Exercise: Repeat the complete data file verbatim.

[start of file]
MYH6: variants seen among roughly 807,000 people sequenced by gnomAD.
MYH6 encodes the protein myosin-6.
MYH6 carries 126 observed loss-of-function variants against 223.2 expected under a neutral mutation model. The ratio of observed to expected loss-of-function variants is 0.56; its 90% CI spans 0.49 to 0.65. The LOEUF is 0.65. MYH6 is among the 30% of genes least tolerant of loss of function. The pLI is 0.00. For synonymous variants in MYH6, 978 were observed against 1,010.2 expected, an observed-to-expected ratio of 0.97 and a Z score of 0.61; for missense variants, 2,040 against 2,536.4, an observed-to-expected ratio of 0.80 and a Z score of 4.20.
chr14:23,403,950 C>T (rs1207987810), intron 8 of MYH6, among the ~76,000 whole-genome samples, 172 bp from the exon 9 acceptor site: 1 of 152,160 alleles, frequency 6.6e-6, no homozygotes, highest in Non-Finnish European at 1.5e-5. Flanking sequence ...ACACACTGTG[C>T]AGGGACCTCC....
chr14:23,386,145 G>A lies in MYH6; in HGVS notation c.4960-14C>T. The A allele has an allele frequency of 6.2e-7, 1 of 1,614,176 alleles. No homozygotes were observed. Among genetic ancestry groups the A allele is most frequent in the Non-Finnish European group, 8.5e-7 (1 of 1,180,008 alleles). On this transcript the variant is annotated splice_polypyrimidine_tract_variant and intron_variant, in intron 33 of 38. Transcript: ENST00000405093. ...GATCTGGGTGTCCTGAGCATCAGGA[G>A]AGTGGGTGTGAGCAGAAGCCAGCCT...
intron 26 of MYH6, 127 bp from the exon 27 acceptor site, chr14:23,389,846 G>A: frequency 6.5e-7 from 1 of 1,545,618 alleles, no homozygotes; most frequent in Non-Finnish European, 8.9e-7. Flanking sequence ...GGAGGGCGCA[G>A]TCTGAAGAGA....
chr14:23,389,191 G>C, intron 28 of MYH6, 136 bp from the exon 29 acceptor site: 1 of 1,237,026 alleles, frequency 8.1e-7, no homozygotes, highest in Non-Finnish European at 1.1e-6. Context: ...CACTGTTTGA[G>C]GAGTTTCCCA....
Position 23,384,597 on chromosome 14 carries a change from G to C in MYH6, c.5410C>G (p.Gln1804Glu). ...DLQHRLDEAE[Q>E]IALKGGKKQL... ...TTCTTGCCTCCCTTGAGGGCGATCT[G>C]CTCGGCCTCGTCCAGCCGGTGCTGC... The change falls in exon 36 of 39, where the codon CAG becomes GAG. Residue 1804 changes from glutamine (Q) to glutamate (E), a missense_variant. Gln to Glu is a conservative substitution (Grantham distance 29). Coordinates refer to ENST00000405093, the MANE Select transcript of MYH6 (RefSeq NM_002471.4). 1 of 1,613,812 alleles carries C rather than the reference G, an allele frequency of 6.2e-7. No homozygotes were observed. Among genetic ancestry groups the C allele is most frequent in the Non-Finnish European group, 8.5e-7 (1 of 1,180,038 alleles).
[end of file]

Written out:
MYH6: variants seen among roughly 807,000 people sequenced by gnomAD.
MYH6 encodes the protein myosin-6.
MYH6 carries 126 observed loss-of-function variants against 223.2 expected under a neutral mutation model. The ratio of observed to expected loss-of-function variants is 0.56; its 90% CI spans 0.49 to 0.65. The LOEUF is 0.65. MYH6 is among the 30% of genes least tolerant of loss of function. The pLI is 0.00. For synonymous variants in MYH6, 978 were observed against 1,010.2 expected, an observed-to-expected ratio of 0.97 and a Z score of 0.61; for missense variants, 2,040 against 2,536.4, an observed-to-expected ratio of 0.80 and a Z score of 4.20.
chr14:23,403,950 C>T (rs1207987810), intron 8 of MYH6, among the ~76,000 whole-genome samples, 172 bp from the exon 9 acceptor site: 1 of 152,160 alleles, frequency 6.6e-6, no homozygotes, highest in Non-Finnish European at 1.5e-5. Flanking sequence ...ACACACTGTG[C>T]AGGGACCTCC....
chr14:23,386,145 G>A lies in MYH6; in HGVS notation c.4960-14C>T. The A allele has an allele frequency of 6.2e-7, 1 of 1,614,176 alleles. No homozygotes were observed. Among genetic ancestry groups the A allele is most frequent in the Non-Finnish European group, 8.5e-7 (1 of 1,180,008 alleles). On this transcript the variant is annotated splice_polypyrimidine_tract_variant and intron_variant, in intron 33 of 38. Transcript: ENST00000405093. ...GATCTGGGTGTCCTGAGCATCAGGA[G>A]AGTGGGTGTGAGCAGAAGCCAGCCT...
intron 26 of MYH6, 127 bp from the exon 27 acceptor site, chr14:23,389,846 G>A: frequency 6.5e-7 from 1 of 1,545,618 alleles, no homozygotes; most frequent in Non-Finnish European, 8.9e-7. Flanking sequence ...GGAGGGCGCA[G>A]TCTGAAGAGA....
chr14:23,389,191 G>C, intron 28 of MYH6, 136 bp from the exon 29 acceptor site: 1 of 1,237,026 alleles, frequency 8.1e-7, no homozygotes, highest in Non-Finnish European at 1.1e-6. Context: ...CACTGTTTGA[G>C]GAGTTTCCCA....
Position 23,384,597 on chromosome 14 carries a change from G to C in MYH6, c.5410C>G (p.Gln1804Glu). ...DLQHRLDEAE[Q>E]IALKGGKKQL... ...TTCTTGCCTCCCTTGAGGGCGATCT[G>C]CTCGGCCTCGTCCAGCCGGTGCTGC... The change falls in exon 36 of 39, where the codon CAG becomes GAG. Residue 1804 changes from glutamine (Q) to glutamate (E), a missense_variant. Gln to Glu is a conservative substitution (Grantham distance 29). Coordinates refer to ENST00000405093, the MANE Select transcript of MYH6 (RefSeq NM_002471.4). 1 of 1,613,812 alleles carries C rather than the reference G, an allele frequency of 6.2e-7. No homozygotes were observed. Among genetic ancestry groups the C allele is most frequent in the Non-Finnish European group, 8.5e-7 (1 of 1,180,038 alleles).